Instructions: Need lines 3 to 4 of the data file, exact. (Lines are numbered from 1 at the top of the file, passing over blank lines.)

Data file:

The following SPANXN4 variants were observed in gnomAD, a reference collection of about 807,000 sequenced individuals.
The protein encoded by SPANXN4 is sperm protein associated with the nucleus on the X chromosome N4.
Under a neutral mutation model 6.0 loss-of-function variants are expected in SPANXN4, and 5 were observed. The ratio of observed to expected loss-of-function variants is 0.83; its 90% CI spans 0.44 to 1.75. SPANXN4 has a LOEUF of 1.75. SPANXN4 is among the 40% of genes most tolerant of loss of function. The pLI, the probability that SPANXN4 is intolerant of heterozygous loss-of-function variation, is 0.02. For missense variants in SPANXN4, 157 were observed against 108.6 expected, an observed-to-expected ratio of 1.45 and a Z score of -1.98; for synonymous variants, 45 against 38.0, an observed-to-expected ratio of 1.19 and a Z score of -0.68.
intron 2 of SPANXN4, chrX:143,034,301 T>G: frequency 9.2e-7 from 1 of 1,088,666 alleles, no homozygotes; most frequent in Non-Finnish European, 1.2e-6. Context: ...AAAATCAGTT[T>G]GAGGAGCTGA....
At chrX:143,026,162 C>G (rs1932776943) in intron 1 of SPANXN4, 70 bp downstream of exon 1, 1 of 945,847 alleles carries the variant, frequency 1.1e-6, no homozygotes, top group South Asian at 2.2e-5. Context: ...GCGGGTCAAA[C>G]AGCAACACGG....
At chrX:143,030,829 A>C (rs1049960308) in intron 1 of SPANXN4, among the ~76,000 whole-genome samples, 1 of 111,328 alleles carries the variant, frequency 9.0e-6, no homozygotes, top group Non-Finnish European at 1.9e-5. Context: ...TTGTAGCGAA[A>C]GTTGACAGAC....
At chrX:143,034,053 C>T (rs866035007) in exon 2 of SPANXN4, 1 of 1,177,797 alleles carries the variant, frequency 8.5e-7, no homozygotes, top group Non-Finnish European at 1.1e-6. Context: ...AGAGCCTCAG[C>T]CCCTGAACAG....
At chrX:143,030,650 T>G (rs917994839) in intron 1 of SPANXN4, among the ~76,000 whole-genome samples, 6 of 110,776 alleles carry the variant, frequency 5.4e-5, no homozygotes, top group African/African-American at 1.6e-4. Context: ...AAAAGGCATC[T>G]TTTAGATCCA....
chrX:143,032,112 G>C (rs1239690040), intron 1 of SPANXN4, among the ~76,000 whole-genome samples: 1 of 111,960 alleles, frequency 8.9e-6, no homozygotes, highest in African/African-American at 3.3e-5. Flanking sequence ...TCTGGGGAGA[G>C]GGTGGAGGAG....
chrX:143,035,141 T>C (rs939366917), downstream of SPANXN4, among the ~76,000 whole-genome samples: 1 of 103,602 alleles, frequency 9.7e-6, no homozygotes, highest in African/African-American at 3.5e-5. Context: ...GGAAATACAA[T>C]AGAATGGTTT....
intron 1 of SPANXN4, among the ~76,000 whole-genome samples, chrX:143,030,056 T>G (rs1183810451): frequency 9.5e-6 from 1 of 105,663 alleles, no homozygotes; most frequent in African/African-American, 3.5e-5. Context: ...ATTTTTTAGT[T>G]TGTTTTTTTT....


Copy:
Under a neutral mutation model 6.0 loss-of-function variants are expected in SPANXN4, and 5 were observed. The ratio of observed to expected loss-of-function variants is 0.83; its 90% CI spans 0.44 to 1.75. SPANXN4 has a LOEUF of 1.75. SPANXN4 is among the 40% of genes most tolerant of loss of function. The pLI, the probability that SPANXN4 is intolerant of heterozygous loss-of-function variation, is 0.02. For missense variants in SPANXN4, 157 were observed against 108.6 expected, an observed-to-expected ratio of 1.45 and a Z score of -1.98; for synonymous variants, 45 against 38.0, an observed-to-expected ratio of 1.19 and a Z score of -0.68.
intron 2 of SPANXN4, chrX:143,034,301 T>G: frequency 9.2e-7 from 1 of 1,088,666 alleles, no homozygotes; most frequent in Non-Finnish European, 1.2e-6. Context: ...AAAATCAGTT[T>G]GAGGAGCTGA....